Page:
Charging and Discharging Process Analysis of Energy Management System Strategy Towards Battery Aging in Series Configuration Hybrid Vehicle

Aditya Halaqul Alim, Bambang Sudarmanta


Batteries, crucial for hybrid and electric vehicles, inevitably experience capacity loss over time due to regular usage, known as battery aging. The degradation is influenced by factors like the C-rate, depth of discharge (DOD), and temperature variations. This study delves into a hybrid series-configured vehicle that integrates both a battery and an engine-generator as primary energy sources. The primary objective revolves around determining an optimal energy management system (EMS) that mitigates battery aging effects. Testing was conducted across varying speeds: 17 km/hour, 30 km/hour, and 50 km/hour, involving two operational modes—full electric and hybrid. The engine-generator activation was contingent upon the battery's state of charge (SOC) set at 40% and 60%, operating consistently at 7000RPM and 7500 RPM. Data collected from these experiments facilitated the assessment of battery aging, simulated through MATLAB Simulink software. The findings highlighted that the most favorable battery aging occurred at 50 km/hour, when the engine-generator was engaged at 60% SOC and operated at an engine speed of 7500 RPM. Notably, the hybrid mode showcased superior battery longevity, particularly at higher speeds.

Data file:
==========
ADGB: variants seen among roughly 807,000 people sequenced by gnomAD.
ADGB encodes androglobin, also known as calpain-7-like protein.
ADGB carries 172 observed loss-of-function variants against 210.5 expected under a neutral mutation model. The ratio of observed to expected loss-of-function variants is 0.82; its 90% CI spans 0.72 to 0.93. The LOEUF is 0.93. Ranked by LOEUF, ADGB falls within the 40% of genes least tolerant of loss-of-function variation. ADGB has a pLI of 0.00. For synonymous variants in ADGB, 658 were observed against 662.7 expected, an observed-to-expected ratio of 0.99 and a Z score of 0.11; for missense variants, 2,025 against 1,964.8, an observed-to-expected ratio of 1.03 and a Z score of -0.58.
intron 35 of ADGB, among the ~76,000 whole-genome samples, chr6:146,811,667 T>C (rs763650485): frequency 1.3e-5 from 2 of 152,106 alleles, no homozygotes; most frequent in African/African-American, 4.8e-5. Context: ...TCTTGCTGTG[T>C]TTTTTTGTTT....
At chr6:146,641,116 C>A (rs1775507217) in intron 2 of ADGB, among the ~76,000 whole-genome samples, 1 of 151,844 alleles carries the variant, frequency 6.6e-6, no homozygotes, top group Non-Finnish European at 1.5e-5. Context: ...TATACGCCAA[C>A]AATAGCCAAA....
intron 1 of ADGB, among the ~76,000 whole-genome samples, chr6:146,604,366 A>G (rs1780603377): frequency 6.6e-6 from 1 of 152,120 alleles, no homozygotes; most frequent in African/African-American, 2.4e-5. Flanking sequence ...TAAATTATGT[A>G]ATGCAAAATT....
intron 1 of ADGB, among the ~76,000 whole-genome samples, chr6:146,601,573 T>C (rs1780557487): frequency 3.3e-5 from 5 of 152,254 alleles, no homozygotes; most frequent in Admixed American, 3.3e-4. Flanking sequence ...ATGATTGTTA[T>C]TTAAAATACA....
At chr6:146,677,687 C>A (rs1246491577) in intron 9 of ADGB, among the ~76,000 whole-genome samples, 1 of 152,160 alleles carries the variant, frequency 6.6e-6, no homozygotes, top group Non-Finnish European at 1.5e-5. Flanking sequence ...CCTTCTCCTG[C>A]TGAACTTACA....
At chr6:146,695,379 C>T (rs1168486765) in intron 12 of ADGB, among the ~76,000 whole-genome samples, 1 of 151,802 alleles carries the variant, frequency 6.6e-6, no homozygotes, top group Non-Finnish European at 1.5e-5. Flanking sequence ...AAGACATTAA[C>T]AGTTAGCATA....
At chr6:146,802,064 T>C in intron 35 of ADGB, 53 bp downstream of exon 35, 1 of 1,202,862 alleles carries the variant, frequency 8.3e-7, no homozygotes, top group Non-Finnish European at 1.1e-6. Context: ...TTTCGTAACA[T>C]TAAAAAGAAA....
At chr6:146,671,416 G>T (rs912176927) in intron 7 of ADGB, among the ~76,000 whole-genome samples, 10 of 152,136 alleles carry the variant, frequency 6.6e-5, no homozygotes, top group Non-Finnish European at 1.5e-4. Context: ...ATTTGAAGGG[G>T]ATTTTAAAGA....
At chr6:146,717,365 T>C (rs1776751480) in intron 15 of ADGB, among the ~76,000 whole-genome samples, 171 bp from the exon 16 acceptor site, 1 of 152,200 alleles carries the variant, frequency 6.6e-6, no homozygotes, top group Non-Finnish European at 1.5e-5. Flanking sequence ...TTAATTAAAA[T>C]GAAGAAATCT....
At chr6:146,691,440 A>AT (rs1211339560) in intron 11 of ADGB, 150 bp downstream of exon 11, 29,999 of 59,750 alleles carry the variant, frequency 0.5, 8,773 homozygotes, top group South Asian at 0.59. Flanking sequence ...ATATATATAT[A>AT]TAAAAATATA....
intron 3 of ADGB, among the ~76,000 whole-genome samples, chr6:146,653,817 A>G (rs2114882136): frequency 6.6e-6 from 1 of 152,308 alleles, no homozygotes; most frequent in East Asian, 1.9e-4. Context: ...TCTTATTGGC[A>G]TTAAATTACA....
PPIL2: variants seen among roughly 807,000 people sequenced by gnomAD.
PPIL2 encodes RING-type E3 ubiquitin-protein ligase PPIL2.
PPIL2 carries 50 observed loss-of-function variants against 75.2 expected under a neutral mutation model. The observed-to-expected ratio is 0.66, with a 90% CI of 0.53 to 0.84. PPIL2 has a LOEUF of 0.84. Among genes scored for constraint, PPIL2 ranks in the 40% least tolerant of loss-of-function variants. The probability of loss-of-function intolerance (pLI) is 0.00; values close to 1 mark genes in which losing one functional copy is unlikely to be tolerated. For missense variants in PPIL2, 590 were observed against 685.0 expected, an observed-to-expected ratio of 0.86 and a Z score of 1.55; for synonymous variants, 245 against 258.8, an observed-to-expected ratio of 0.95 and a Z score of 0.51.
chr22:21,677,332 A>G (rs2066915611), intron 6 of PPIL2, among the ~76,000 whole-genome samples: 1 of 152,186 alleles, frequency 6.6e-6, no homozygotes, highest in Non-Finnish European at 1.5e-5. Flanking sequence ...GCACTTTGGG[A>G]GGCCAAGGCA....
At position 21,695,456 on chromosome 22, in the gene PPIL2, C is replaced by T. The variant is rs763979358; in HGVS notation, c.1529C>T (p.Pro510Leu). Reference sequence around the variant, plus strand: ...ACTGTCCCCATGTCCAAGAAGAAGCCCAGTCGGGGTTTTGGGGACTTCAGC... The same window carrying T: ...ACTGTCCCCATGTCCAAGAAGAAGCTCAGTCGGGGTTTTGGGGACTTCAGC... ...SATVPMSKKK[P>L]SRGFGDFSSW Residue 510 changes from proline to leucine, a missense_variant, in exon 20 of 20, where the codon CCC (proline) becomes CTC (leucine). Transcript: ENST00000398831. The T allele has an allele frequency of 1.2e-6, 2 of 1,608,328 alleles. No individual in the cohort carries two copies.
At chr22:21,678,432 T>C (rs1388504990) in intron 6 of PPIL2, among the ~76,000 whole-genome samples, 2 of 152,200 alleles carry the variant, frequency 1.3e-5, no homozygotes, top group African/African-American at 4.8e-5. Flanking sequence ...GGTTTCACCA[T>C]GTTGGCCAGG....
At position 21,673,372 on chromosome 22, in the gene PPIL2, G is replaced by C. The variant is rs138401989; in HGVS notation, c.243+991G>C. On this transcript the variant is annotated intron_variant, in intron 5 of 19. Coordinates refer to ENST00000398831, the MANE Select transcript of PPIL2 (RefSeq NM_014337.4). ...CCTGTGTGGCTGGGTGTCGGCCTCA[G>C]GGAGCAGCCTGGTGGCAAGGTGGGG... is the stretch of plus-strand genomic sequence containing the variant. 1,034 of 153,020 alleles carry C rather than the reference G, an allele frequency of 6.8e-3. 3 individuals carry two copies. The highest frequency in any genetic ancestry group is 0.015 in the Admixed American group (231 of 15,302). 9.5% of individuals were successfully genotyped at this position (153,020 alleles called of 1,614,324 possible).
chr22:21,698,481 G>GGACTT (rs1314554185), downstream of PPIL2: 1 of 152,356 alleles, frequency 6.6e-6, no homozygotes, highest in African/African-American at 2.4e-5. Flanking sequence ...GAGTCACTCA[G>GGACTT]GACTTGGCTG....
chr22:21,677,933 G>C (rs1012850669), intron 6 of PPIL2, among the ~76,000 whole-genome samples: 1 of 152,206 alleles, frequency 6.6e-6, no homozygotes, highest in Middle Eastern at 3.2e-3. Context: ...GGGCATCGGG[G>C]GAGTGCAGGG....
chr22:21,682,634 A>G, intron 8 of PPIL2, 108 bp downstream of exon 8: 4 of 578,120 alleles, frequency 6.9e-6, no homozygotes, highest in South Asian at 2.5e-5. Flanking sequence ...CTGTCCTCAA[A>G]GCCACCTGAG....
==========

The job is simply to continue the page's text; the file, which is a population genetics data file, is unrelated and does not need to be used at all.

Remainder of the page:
battery aging; energy management system; electric vehicle; life cycle

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